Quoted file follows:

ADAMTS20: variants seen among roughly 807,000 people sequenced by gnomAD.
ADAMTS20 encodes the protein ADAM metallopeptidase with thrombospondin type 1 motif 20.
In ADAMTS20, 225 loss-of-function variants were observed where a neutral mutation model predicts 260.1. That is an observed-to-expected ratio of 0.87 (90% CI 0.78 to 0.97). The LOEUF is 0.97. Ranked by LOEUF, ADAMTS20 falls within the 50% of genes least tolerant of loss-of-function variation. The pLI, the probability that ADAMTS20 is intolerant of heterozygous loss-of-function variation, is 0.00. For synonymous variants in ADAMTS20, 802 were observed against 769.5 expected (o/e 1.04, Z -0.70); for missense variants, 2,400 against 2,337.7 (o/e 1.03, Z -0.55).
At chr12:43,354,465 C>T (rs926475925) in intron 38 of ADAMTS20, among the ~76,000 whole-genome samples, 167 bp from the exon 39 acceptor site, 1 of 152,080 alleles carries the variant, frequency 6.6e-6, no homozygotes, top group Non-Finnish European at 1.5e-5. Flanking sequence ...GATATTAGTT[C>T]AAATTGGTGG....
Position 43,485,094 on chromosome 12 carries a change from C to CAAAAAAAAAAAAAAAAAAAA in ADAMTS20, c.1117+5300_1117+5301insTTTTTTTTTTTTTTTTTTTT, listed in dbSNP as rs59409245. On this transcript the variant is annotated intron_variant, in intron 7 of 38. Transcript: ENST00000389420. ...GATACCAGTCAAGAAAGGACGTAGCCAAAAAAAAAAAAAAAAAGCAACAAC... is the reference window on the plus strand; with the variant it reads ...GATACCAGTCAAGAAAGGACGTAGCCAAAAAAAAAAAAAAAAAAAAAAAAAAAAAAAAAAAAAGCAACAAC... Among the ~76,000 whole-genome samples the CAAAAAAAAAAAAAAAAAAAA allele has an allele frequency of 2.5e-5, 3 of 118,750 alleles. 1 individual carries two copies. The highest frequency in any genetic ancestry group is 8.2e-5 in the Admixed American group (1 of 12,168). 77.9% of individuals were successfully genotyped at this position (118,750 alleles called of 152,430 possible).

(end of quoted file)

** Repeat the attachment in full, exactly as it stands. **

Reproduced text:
ADAMTS20: variants seen among roughly 807,000 people sequenced by gnomAD.
ADAMTS20 encodes the protein ADAM metallopeptidase with thrombospondin type 1 motif 20.
In ADAMTS20, 225 loss-of-function variants were observed where a neutral mutation model predicts 260.1. That is an observed-to-expected ratio of 0.87 (90% CI 0.78 to 0.97). The LOEUF is 0.97. Ranked by LOEUF, ADAMTS20 falls within the 50% of genes least tolerant of loss-of-function variation. The pLI, the probability that ADAMTS20 is intolerant of heterozygous loss-of-function variation, is 0.00. For synonymous variants in ADAMTS20, 802 were observed against 769.5 expected (o/e 1.04, Z -0.70); for missense variants, 2,400 against 2,337.7 (o/e 1.03, Z -0.55).
At chr12:43,354,465 C>T (rs926475925) in intron 38 of ADAMTS20, among the ~76,000 whole-genome samples, 167 bp from the exon 39 acceptor site, 1 of 152,080 alleles carries the variant, frequency 6.6e-6, no homozygotes, top group Non-Finnish European at 1.5e-5. Flanking sequence ...GATATTAGTT[C>T]AAATTGGTGG....
Position 43,485,094 on chromosome 12 carries a change from C to CAAAAAAAAAAAAAAAAAAAA in ADAMTS20, c.1117+5300_1117+5301insTTTTTTTTTTTTTTTTTTTT, listed in dbSNP as rs59409245. On this transcript the variant is annotated intron_variant, in intron 7 of 38. Transcript: ENST00000389420. ...GATACCAGTCAAGAAAGGACGTAGCCAAAAAAAAAAAAAAAAAGCAACAAC... is the reference window on the plus strand; with the variant it reads ...GATACCAGTCAAGAAAGGACGTAGCCAAAAAAAAAAAAAAAAAAAAAAAAAAAAAAAAAAAAAGCAACAAC... Among the ~76,000 whole-genome samples the CAAAAAAAAAAAAAAAAAAAA allele has an allele frequency of 2.5e-5, 3 of 118,750 alleles. 1 individual carries two copies. The highest frequency in any genetic ancestry group is 8.2e-5 in the Admixed American group (1 of 12,168). 77.9% of individuals were successfully genotyped at this position (118,750 alleles called of 152,430 possible).